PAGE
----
Anticipation was at fever-pitch for Rammstein’s Milton Keynes show, their first headlining tour date in the UK for almost 7 years. Granted, they’d visited Donington for Download Festival twice in the intervening time, but this still meant that their previous appearance was all the way back in 2016. The fact that this tour is their first ever proper outings at stadiums only added to the excitement. The German Industrial Metal titans are known to put on huge theatrics, so how would this fare in a much larger setting? Well, I can honestly say that I really wasn’t quite prepared for how epic this turned out to be.
To begin with, there was quite an usual support act, in the form of Duo Jatekok. This consisted of a piano duo, who played cover versions of various Rammstein hits. It wasn’t bad by any means, it added a nice ambience, but it felt more like background noise, rather that a full-fledged support act. The fact that the volume was a smidge too low didn’t help either, as I could hear the crowd over their music. Still, it was good to have something different.
Then, the wait was over, it was finally time for Rammstein’s return. The monolithic stage was otherworldly, the massive structure looking like a cross between a nightmarish industrial factory, something from 2001: A Space Odyssey and Mount Doom. As smoke filled the stadium, each band member took to the stage, the crowd going wild as each of them appeared. This lead seamlessly into “Was Ich Liebe”, off their latest record. It’s surprising that they went for a less bombastic opening than usual, although it fits their typical style of toying with people’s expectations, which ended up being a theme throughout the show (in the best ways possible.) Mind you, their very presence is enough of a big event in itself, and it was clear that they were creating a build up, for the game of escalation began.
Needless to say, the pace picked up rapidly. The light-show dazzled, the spotlights so powerful that they reached into the stratosphere at times, the crazy stunts enthralled, and, of course, the pyro raged. The monstrous flames lit up the stadium, turning it into an inferno. It felt borderline apocalyptic at times (especially during “Sonne”), which only served to enhance the music. That’s always the beauty of a Rammstein show, the effects and shenanigans are there to compliment their sonic qualities, and here it was perfectly crafted and timed. Tactically placed towers around the stadium also burst with flame, which not only increased the spectacle of the proceedings, but also added an extra layer to boost the feeling of crowd participation. This is a band that doesn’t need chat or banter to effectively communicate with their audience, they use special effects. The fact that the production is the biggest they have ever done, whilst still being able to spellbind a huge number of attendees, makes this even more impressive and awe-inspiring.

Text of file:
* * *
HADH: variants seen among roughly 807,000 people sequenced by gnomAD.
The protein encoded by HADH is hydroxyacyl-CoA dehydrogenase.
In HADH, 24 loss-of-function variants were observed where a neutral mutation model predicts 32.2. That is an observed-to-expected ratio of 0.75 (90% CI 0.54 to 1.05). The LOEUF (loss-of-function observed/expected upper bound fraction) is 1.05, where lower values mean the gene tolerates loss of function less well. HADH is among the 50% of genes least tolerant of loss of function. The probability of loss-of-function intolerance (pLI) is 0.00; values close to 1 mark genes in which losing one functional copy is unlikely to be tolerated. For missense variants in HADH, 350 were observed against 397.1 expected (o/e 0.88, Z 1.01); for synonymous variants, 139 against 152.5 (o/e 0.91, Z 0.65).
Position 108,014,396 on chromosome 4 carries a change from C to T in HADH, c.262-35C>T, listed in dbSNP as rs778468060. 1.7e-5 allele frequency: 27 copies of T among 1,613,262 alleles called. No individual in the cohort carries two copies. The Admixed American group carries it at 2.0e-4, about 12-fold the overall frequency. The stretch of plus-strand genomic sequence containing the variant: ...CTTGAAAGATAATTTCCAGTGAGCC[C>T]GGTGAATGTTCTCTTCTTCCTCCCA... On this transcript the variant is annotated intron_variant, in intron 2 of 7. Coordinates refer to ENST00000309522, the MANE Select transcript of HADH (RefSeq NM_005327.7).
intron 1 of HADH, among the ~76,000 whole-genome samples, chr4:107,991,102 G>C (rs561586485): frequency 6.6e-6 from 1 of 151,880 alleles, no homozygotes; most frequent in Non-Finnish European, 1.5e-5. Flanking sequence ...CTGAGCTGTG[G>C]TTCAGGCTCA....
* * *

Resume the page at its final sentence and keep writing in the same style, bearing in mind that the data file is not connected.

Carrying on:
The stunts were amazing in themselves too, and there were some cleverly updated renditions of old classics. A giant pram was set alight, as a freakish demonic baby spewed out ash (confetti) for “Puppe”; keyboardist Flake was yet again cooked, only to be met with a massive flame cannon; Till shot flares in the air, which caused a chain-reaction, resulting in a huge fireworks explosion on-stage; and the band were carried by the audience on rubber dinghys, leading into “Ausländer” (whilst also mimicking it’s video.) It truly was an extravaganza, and I genuinely found myself captivated by it all, legitimately slack-jawed throughout. Even as early as a third into the set, they were already pulling off tricks that most bands would reserve for their encore!
Of course, this would be nothing without the most important element of all; the music. I cannot fault this, they sounded pretty much perfect for the duration of their set. It was an absolute powerhouse, the wall of heavy industrial metal feeling blissful at times, the venue flooding with atmosphere. I especially have to hand it to frontman Till Lindemann, who’s vocal performance sounded just as amazing live as it does on record. You could tell that they were genuinely into it, giving everything they had. Some may not be happy with the setlist, but I thought it was perfect for this tour. We got a good chunk of new album material, as well as a great mix of older tracks. The fact that they dug out “Heirate Mich” and “Rammstein” were nice surprises, as well as staples such as “Du Hast” and “Ich Will” being included, the latter closing off the show. Sure, some obvious hits were absent, but lets not forget that Rammstein toured with that material as part of the ‘Made in Germany’ tour for 6 years. It’s time for the new material to shine, as well as rarities to resurface.
In all honesty, I don’t think I could ever convey how incredible this show was with words, it defies any description. This is not only the best that I’ve ever seen Rammstein, but also the best concert I’ve ever had the pleasure of attending. It’s the boldest and most stunning production that any band has to offer, raising the bar in terms of live music. Even though the tickets were a whooping £75 each, I still feel like I’d short-changed the band! Dare I suggest that they’ve even outgrown festivals? Give them a sizeable venue at a festival, and they’re stuck to the limits set by the organisers. Give them a sizeable venue on their own terms, and it feels like there’s no limits. The results are absolutely mind-blowingly spectacular! They’ve made it very clear that they run their own show, and it’s a glorious triumph!
- Was Ich Liebe
- Links 2-3-4
- Zeig Dich
- Mein Herz Brennt
- Heirate Mich
- Deutschland (Remix by Richard Z. Kruspe)
- Mein Teil
- Du Hast
- Ohne Dich
- Engel (w/ Duo Jatekok; Scala & Kolacny Brothers ver.)
- Du Reichst So Gut
- Ich Will